/ Money

Student Loans Company – learn your lesson, stop overcharging

Student doing sum at chalkboard

Forget the education of their customers, will the Student Loans Company ever learn? It appears not – months after we found students being charged for loans they’d already paid, the same thing’s happening again.

Towards the end of last year Which? reported that 57,000 former students were waiting for refunds totalling £15 million. The problem was that the Student Loans Company (SLC) and HMRC couldn’t get their act together and communicate to one another when students had paid in full.

One year on and you’d expect the problem to have been rectified, but it hasn’t. In fact it’s only got worse. Recent figures show that the SLC overcharged graduates by £22.5 million, meaning the average borrower was owed more than £550.

No harm done? Yes there is

Back when we looked at this, the SLC claimed that everyone would get their money back, and no real harm was done. How would they know if they can’t even keep tabs on when someone has paid off the money borrowed in full? Are we really to believe this?

I don’t. I’d wager that a fair percentage of students who thought they’d paid off the last of their loan wouldn’t like to settle for this brush-off. How many of these graduates will find themselves struggling to budget for the month, left in the red due to unpaid credit card bills or overdrafts incurred because they expected to have a little more cash in their accounts?

How graduates are affected

Judging by the comments left on our previous Conversation, many graduates would argue that this has caused them great harm. One ex-student, Philip, told us:

‘My bank has charged me more than £100 in overdraft fees and my mobile phone company has charged me a huge amount to call the SLC customer services number.’

Lorna said she had overpaid to the tune of £170 a month for a year:

‘This is a substantial part on my income… I am overdrawn nearly every month because I find it difficult to make ends meat living in London, this money would have gone a long way to making my monthly wage go a lot further.’

And Tashalouiza pointed out that the £1,600 she was owed was the ‘equivalent to the cost of maintaining, taxing, insuring and fuelling our car, and paying for my monthly tube ticket!’

These graduates, and others, have one hell of a battle on their hands trying to get their money back, if the lack of competence exposed is anything to go by. Judging by the recent criticism of HMRC, and the SLC’s lack of ability to tell the Treasury to stop taking payments when the debt’s been cleared, I reckon that this won’t be the last year we hear of this debacle.


Can students claim interest on the money they’re owed? HMRC would charge it, so why not students.

And I wonder if heads will roll, as clearly there is an ongoing problem which management have failed to correct.

Phil says:
2 August 2011

Err, have I wandered on to the Daily Mail website by mistake? Here we have a serious article about student loans and to illustrate it? A pneumatic blonde in a strappy top; but it’s OK because she’s doing some complex maths on a blackboard. Couldn’t you find a picture of Katie Price in a gymslip?

I’m not offended it’s just that I thought Which? could do better.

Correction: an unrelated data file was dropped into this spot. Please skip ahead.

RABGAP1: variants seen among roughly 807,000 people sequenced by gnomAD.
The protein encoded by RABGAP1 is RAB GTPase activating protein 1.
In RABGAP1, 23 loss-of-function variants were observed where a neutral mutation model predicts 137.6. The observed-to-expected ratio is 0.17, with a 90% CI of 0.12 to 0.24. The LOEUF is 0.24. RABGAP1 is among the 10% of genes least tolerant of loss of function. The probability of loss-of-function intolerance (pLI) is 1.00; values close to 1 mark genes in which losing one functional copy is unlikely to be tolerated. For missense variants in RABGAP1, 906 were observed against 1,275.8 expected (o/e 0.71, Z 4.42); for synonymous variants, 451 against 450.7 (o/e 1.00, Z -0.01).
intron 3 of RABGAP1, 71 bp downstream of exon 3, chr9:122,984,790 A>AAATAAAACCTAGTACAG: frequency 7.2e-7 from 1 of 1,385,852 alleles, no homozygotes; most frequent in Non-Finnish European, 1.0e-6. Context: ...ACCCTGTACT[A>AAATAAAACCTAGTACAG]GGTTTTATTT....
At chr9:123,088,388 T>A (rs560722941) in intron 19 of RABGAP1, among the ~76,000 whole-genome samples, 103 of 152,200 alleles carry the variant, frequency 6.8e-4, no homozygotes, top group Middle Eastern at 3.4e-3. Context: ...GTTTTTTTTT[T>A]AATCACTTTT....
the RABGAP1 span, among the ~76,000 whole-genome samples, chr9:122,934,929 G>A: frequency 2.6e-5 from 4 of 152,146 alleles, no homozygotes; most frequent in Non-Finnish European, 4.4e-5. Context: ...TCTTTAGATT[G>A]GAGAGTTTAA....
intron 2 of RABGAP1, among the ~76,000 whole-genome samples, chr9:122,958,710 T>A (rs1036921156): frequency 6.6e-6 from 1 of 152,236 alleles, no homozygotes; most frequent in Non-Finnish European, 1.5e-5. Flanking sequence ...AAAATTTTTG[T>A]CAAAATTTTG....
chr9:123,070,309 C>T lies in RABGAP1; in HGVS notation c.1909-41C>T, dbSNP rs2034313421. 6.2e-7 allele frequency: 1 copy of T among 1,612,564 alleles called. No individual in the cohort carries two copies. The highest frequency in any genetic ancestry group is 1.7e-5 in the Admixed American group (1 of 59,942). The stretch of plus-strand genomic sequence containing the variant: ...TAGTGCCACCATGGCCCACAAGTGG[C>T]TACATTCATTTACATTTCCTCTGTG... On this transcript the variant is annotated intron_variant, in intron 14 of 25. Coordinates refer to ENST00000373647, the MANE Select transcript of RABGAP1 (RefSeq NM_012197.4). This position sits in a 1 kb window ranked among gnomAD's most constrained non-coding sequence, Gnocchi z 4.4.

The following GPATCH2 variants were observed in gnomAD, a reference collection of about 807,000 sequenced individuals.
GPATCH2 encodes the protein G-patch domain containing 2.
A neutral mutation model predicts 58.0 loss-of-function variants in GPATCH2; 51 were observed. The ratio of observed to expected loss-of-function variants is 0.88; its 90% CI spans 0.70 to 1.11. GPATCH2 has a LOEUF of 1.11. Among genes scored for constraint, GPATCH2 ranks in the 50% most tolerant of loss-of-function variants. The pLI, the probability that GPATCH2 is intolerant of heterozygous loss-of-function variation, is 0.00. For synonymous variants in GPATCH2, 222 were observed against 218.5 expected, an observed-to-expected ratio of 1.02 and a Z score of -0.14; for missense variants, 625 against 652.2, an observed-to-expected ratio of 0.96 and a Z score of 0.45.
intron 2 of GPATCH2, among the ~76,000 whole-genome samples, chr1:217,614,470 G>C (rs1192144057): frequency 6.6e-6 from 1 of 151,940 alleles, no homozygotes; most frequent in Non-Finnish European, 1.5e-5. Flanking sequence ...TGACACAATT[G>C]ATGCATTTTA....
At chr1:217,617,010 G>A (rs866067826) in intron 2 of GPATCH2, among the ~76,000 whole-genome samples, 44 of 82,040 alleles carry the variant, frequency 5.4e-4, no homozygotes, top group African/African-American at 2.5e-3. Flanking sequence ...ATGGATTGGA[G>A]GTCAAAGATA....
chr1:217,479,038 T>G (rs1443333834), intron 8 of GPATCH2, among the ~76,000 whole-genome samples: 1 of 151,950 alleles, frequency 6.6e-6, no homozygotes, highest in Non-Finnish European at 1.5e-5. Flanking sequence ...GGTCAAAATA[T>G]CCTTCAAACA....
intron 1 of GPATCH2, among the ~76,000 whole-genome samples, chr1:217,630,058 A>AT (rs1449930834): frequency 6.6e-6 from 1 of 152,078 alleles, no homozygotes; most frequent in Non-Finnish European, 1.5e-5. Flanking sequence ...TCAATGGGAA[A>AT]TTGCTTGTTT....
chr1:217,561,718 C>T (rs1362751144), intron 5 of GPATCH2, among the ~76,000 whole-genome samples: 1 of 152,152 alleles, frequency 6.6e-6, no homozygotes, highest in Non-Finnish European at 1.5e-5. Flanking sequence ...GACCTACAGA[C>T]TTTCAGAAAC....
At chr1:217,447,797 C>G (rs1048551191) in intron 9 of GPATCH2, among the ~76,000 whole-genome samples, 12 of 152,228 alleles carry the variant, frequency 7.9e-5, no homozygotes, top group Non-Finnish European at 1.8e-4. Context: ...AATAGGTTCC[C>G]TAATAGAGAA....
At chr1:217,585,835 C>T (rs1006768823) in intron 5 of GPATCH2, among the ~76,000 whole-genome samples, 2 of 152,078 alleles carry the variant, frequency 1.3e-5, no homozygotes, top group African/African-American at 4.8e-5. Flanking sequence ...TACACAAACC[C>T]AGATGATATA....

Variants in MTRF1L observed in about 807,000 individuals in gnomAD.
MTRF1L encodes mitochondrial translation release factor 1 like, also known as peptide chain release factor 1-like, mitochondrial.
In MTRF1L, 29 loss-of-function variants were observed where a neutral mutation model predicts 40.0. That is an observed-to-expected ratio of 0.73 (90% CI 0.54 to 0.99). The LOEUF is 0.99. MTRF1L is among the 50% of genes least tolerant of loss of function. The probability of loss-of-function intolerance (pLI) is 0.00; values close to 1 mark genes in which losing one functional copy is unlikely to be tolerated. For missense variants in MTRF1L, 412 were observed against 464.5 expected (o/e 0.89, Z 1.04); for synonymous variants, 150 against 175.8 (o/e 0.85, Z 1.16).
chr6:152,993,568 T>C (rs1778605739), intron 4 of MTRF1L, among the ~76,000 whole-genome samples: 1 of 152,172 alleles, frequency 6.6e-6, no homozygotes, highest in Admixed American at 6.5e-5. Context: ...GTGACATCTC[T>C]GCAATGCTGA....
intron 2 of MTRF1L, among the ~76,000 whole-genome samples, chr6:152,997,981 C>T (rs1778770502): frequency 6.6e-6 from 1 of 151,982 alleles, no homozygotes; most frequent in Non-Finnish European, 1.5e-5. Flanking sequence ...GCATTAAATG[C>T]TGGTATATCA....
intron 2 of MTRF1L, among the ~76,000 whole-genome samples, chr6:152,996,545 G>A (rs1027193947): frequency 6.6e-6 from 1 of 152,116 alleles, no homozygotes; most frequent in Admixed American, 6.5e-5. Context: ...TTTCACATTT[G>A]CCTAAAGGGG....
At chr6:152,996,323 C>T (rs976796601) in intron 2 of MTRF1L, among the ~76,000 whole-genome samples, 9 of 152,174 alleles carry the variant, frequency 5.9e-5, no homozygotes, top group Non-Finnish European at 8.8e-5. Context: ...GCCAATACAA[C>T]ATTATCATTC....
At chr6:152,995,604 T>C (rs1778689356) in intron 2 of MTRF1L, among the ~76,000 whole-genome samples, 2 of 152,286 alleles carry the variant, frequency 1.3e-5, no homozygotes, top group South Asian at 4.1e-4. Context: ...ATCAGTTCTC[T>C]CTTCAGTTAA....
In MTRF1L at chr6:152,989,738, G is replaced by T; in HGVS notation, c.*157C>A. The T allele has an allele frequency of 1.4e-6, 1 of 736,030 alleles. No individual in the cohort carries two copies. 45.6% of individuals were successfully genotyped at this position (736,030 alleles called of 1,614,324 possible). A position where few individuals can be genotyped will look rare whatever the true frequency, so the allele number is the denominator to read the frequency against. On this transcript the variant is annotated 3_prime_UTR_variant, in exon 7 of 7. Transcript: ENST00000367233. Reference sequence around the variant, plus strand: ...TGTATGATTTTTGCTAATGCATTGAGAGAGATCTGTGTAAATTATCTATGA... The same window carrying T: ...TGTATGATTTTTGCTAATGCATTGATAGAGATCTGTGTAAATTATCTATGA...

Hi Phil, sorry to hear you don’t like our picture. We are limited in the pictures we have available, but felt that in this instance a picture of a real person would be preferable to dull images of money or bank statements. We obviously have different outlooks – the woman in the picture simply looks like a student to me – but apologies if it has offended you.

Phil says:
2 August 2011

As I say i’m not offended just a little surprised and disappointed. After all this place is usually so PC, I got my knuckles rapped not so long ago for describing someone as being fat.

Tam says:
12 July 2012

Good that you’re not offended Phil, however I wonder how many “pneumatic blondes” are by your inference that because of the way they look and dress they are unable to do complex maths … Let’s hope that Which is able to find more appropriate stereotypical pictures for you, perhaps someone in glasses?


Hello William

Yes, you are entitled to getting back your money plus interest.

On a separate issue, I’d really be interested in any comments from those of you who opted into the direct debit repayment option – which is available to those who were in their last two years of repayments. Was it easy to set up? Did it work?

John says:
3 August 2011

I think you’ve missed the point in this article and are blaming the wrong people. I have just finished paying off my student loan and it was quite simple. You do have to be on the ball a bit and notice that you will finish paying your loan in the current tax year, for details of why see below.

When you have a student loan to repay the SLC (Student Loan Company) tells the HMRC to collect 9% of your salary over 15k through PAYE. Your employer then tells the HMRC how much you have paid back to the SLC over a tax year (April to April). The time it takes for your employer to tell the HMRC how much you’ve paid in a tax year varies from one employer to another – this is why I think its your employer who tells the HMRC. My current employer is really quick and lets the HMRC know in June. My last employer was a bit slower and told the HMRC in October. This information is then passed on to the SLC. So if you have a slow employer like my last one your statements will be 6 months out of date when you get them. This means that if you have a reasonable salary the SLC has a hard job of working out when you are due to finish your repayments as the information is receives is out of date. It can’t presume you will make the same repayments as the previous year as in all likelihood it will be wrong, your salary could have gone up/down or stopped.